The cameras that will soon be worn by all Spokane police officers on patrol may continue rolling without consent in most cases, the Washington attorney general’s office announced Monday.
Most interactions between officers and citizens are public and exempt from the state’s stringent privacy laws, Attorney General Bob Ferguson and members of his team told reporters Monday. They believe that finding will prompt many jurisdictions to adjust their policies.
The formal opinion was issued at the request of Sen. Andy Billig, D-Spokane. The opinion comes as the Spokane Police Department continues testing body cameras on 17 officers, begun earlier this year.
Billig said his request yielded what he was hoping for, which was more guidance on what current case law says about body cameras and privacy. But, he said, the opinion is just an outline for further rule-making by legislators and law enforcement.
“These are the outside lines,” Billig said. “The legislative bodies need to come in and color inside the lines.”
Spokane police Chief Frank Straub has already announced changes to the department’s policy regarding body cameras following the pilot program’s launch in September. Originally, Straub said officers would stop recording in private homes if asked to do so by the owner. But last month, Straub said he was telling officers to record all contact with the public.
In a written statement, Straub said his office’s policies were consistent with state law.
“I believe our draft body-worn camera policy draws on the best practices of the policing profession, extensive dialogue with the community we serve, and legal opinions on both the state and national level,” Straub said in the statement.
In its formal opinion, which Ferguson said is not legally binding but will receive “great weight” from Washington judges, the attorney general’s office affirmed the right of police to record conversations in homes even without consent of the people recorded.
“Of course, the officer must be legally in the home in the first place to legally record,” Ferguson clarified Monday.
The attorney general’s office based its decision on a Washington Supreme Court case involving the taped confession of a man later convicted of child rape. While the court ruled in February that a phone conversation in the kitchen of William J. Kipp’s home was private, and the tape should not have been heard at trial, the court did not conclude that all conversations taking place in a home were inherently private. If other people are present, the expectation of privacy diminishes despite the location, the courts have said. In Kipp’s case, he was talking to his brother-in-law, the father of the victims.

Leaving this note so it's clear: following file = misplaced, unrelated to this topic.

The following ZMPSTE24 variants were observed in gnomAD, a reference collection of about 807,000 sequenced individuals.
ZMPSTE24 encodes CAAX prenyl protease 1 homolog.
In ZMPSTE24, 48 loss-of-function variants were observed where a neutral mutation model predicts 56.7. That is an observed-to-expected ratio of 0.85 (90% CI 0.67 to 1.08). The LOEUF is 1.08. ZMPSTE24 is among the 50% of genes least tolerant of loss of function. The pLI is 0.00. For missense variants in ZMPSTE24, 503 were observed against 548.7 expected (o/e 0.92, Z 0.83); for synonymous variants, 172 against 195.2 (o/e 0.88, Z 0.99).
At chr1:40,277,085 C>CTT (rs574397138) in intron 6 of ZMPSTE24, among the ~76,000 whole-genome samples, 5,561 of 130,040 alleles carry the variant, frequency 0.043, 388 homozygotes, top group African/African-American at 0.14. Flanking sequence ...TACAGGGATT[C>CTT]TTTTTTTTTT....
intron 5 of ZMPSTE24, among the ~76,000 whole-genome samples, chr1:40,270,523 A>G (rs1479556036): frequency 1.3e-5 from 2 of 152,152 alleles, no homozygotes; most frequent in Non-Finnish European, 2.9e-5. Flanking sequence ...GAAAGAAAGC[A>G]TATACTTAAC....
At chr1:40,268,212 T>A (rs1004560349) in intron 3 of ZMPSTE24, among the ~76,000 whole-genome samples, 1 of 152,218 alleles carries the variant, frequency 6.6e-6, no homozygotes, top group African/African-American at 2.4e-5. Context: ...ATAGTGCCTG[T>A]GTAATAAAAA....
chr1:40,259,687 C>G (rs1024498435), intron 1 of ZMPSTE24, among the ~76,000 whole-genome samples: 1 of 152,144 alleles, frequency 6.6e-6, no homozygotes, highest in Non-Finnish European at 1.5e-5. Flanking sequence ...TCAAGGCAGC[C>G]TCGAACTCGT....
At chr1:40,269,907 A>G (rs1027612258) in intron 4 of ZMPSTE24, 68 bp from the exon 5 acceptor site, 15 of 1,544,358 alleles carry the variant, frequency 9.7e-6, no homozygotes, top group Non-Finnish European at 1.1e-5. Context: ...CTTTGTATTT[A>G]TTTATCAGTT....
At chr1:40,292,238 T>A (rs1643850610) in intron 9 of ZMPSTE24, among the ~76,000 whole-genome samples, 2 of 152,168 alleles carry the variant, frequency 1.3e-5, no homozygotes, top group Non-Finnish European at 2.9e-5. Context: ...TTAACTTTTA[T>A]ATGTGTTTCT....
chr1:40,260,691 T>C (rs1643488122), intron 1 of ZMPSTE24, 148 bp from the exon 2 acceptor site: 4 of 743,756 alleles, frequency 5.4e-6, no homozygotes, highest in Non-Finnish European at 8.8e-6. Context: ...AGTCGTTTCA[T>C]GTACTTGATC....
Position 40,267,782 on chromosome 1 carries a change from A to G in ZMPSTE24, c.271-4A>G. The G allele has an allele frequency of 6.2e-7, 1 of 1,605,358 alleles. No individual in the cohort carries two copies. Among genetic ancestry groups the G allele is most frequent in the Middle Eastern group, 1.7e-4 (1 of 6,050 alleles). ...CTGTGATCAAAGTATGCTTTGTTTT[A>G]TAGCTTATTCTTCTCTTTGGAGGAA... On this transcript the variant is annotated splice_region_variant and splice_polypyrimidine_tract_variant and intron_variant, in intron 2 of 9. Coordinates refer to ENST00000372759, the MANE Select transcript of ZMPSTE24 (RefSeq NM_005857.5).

The attorney general’s opinion says video recorded after an officer announces his or her presence in the home likely would not be protected by privacy laws. But if the officer has not made his presence known, conversations recorded between two or more other people might be protected from admission in the courts or release through a public records request, Ferguson said.
Though police may continue filming, a person recorded by an officer’s body camera may also choose to stop talking and invoke their right to privacy, Ferguson said.
Rick Eichstaedt, executive director of the Center for Justice, said his group was pleased the attorney general had provided guidance on the privacy issues.
“It’s kind of a tricky balance,” Eichstaedt said. “We like people’s privacy, but we also like transparency in law enforcement.”
The opinion did not address public records disclosure of video recorded by body cameras. Several police departments in Washington have received blanket requests for all body camera video from an anonymous Seattle man who maintains a YouTube account called Police Video Requests. Spokane police were able to get the man to agree to the release of three videos from each officer with a camera. In Poulsbo, city officials estimate the man’s blanket request will take four years to fill.
Spokane City Councilman Jon Snyder, who heads the city’s public safety commission, said the attorney general’s opinion does not change the tasks of local elected officials.
“I don’t think there’s anything in there that alleviates the need for new legislation,” he said. “There is still work to be done.”
Still, Snyder said he supported the Spokane Police Department’s test with 17 officers.
“I want to let the pilot project run its course,” he said.
One gray area that remains is whether a law enforcement union may contest a department’s body camera policy. The collective bargaining agreement approved by the Spokane Police Guild earlier this year calls for officers, Straub and other city agencies to collaborate on final rules for the cameras’ use.
The attorney general’s opinion said “if the law enforcement agency has a practice in place, the agency should consider whether bargaining would be required before adopting a different or contrary policy regarding body cameras.”
Billig said it is up to legislators now to meld the attorney general’s opinion, local rules regarding camera use and state privacy laws.
“There’s a balance between transparency and accountability and effectiveness that we need with body cameras,” Billig said. “The AG’s opinion helps a lot as we try to strike the right balance. This is only the beginning of the conversation.”
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